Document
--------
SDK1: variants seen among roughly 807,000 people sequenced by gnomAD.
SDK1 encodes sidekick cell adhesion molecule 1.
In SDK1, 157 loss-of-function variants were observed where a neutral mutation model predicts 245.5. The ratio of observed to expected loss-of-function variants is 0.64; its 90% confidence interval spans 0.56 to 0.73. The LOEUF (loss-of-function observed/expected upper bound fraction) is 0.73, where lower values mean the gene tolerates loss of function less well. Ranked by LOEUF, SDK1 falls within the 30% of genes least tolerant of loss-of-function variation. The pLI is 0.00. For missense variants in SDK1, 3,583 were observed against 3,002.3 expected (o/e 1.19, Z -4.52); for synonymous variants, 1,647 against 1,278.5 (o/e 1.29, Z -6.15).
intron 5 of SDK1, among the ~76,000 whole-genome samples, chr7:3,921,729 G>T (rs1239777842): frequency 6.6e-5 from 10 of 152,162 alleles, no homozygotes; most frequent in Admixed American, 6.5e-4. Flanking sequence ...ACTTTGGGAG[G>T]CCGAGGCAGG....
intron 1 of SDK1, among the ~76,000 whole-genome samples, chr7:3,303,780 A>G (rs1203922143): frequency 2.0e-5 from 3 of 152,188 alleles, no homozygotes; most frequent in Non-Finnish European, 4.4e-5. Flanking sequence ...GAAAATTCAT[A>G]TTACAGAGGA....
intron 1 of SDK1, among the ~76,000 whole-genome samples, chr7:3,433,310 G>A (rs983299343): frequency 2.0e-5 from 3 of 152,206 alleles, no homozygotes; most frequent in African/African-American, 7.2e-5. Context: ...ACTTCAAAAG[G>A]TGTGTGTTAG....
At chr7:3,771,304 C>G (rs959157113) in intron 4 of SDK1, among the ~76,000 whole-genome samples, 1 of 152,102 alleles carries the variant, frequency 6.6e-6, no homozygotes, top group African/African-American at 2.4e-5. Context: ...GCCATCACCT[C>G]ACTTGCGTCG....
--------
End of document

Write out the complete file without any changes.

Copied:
SDK1: variants seen among roughly 807,000 people sequenced by gnomAD.
SDK1 encodes sidekick cell adhesion molecule 1.
In SDK1, 157 loss-of-function variants were observed where a neutral mutation model predicts 245.5. The ratio of observed to expected loss-of-function variants is 0.64; its 90% confidence interval spans 0.56 to 0.73. The LOEUF (loss-of-function observed/expected upper bound fraction) is 0.73, where lower values mean the gene tolerates loss of function less well. Ranked by LOEUF, SDK1 falls within the 30% of genes least tolerant of loss-of-function variation. The pLI is 0.00. For missense variants in SDK1, 3,583 were observed against 3,002.3 expected (o/e 1.19, Z -4.52); for synonymous variants, 1,647 against 1,278.5 (o/e 1.29, Z -6.15).
intron 5 of SDK1, among the ~76,000 whole-genome samples, chr7:3,921,729 G>T (rs1239777842): frequency 6.6e-5 from 10 of 152,162 alleles, no homozygotes; most frequent in Admixed American, 6.5e-4. Flanking sequence ...ACTTTGGGAG[G>T]CCGAGGCAGG....
intron 1 of SDK1, among the ~76,000 whole-genome samples, chr7:3,303,780 A>G (rs1203922143): frequency 2.0e-5 from 3 of 152,188 alleles, no homozygotes; most frequent in Non-Finnish European, 4.4e-5. Flanking sequence ...GAAAATTCAT[A>G]TTACAGAGGA....
intron 1 of SDK1, among the ~76,000 whole-genome samples, chr7:3,433,310 G>A (rs983299343): frequency 2.0e-5 from 3 of 152,206 alleles, no homozygotes; most frequent in African/African-American, 7.2e-5. Context: ...ACTTCAAAAG[G>A]TGTGTGTTAG....
At chr7:3,771,304 C>G (rs959157113) in intron 4 of SDK1, among the ~76,000 whole-genome samples, 1 of 152,102 alleles carries the variant, frequency 6.6e-6, no homozygotes, top group African/African-American at 2.4e-5. Context: ...GCCATCACCT[C>G]ACTTGCGTCG....